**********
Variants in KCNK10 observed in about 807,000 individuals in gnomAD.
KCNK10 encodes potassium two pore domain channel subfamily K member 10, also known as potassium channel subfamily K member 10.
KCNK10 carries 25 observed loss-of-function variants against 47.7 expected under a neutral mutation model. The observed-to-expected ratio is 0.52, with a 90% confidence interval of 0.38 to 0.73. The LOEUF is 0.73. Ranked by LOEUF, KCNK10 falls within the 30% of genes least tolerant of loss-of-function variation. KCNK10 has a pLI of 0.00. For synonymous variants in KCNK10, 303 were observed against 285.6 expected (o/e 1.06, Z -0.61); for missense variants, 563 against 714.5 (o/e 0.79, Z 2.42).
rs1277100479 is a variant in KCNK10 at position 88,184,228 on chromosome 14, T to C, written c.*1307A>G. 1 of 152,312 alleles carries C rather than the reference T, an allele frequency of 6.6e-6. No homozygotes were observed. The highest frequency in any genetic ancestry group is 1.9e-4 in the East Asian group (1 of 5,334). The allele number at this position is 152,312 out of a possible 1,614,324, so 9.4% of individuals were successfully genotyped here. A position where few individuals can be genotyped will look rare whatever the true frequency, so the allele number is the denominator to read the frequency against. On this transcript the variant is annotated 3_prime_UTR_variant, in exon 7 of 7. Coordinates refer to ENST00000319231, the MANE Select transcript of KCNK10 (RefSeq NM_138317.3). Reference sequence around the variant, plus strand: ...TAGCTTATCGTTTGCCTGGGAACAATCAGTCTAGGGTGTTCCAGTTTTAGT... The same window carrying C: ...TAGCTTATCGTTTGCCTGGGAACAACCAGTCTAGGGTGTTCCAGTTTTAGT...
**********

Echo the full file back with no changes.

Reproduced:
Variants in KCNK10 observed in about 807,000 individuals in gnomAD.
KCNK10 encodes potassium two pore domain channel subfamily K member 10, also known as potassium channel subfamily K member 10.
KCNK10 carries 25 observed loss-of-function variants against 47.7 expected under a neutral mutation model. The observed-to-expected ratio is 0.52, with a 90% confidence interval of 0.38 to 0.73. The LOEUF is 0.73. Ranked by LOEUF, KCNK10 falls within the 30% of genes least tolerant of loss-of-function variation. KCNK10 has a pLI of 0.00. For synonymous variants in KCNK10, 303 were observed against 285.6 expected (o/e 1.06, Z -0.61); for missense variants, 563 against 714.5 (o/e 0.79, Z 2.42).
rs1277100479 is a variant in KCNK10 at position 88,184,228 on chromosome 14, T to C, written c.*1307A>G. 1 of 152,312 alleles carries C rather than the reference T, an allele frequency of 6.6e-6. No homozygotes were observed. The highest frequency in any genetic ancestry group is 1.9e-4 in the East Asian group (1 of 5,334). The allele number at this position is 152,312 out of a possible 1,614,324, so 9.4% of individuals were successfully genotyped here. A position where few individuals can be genotyped will look rare whatever the true frequency, so the allele number is the denominator to read the frequency against. On this transcript the variant is annotated 3_prime_UTR_variant, in exon 7 of 7. Coordinates refer to ENST00000319231, the MANE Select transcript of KCNK10 (RefSeq NM_138317.3). Reference sequence around the variant, plus strand: ...TAGCTTATCGTTTGCCTGGGAACAATCAGTCTAGGGTGTTCCAGTTTTAGT... The same window carrying C: ...TAGCTTATCGTTTGCCTGGGAACAACCAGTCTAGGGTGTTCCAGTTTTAGT...